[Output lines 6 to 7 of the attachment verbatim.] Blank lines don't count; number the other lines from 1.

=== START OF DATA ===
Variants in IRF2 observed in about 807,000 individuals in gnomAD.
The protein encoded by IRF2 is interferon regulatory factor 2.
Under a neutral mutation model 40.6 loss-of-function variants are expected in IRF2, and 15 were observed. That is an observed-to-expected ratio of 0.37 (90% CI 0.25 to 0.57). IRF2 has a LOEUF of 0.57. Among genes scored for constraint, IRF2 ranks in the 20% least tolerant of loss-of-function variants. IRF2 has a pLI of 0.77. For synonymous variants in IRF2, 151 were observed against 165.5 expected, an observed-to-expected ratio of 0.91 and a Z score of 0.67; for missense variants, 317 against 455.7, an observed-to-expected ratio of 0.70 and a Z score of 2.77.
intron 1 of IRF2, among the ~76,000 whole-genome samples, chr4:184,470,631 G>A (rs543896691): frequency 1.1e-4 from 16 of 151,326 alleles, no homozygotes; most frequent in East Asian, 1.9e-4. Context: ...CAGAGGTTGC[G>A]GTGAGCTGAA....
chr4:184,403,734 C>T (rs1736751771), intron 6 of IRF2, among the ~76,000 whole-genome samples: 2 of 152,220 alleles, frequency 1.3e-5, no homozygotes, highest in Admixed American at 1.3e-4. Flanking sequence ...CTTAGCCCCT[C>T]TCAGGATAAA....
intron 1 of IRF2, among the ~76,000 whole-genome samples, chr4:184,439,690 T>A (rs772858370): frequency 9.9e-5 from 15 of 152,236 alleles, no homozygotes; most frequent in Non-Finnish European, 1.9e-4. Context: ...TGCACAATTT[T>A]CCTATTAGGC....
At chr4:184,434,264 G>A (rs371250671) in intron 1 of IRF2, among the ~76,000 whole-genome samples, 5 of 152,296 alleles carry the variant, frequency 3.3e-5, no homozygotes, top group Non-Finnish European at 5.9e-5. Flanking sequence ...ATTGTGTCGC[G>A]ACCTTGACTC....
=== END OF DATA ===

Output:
intron 1 of IRF2, among the ~76,000 whole-genome samples, chr4:184,439,690 T>A (rs772858370): frequency 9.9e-5 from 15 of 152,236 alleles, no homozygotes; most frequent in Non-Finnish European, 1.9e-4. Context: ...TGCACAATTT[T>A]CCTATTAGGC....
At chr4:184,434,264 G>A (rs371250671) in intron 1 of IRF2, among the ~76,000 whole-genome samples, 5 of 152,296 alleles carry the variant, frequency 3.3e-5, no homozygotes, top group Non-Finnish European at 5.9e-5. Flanking sequence ...ATTGTGTCGC[G>A]ACCTTGACTC....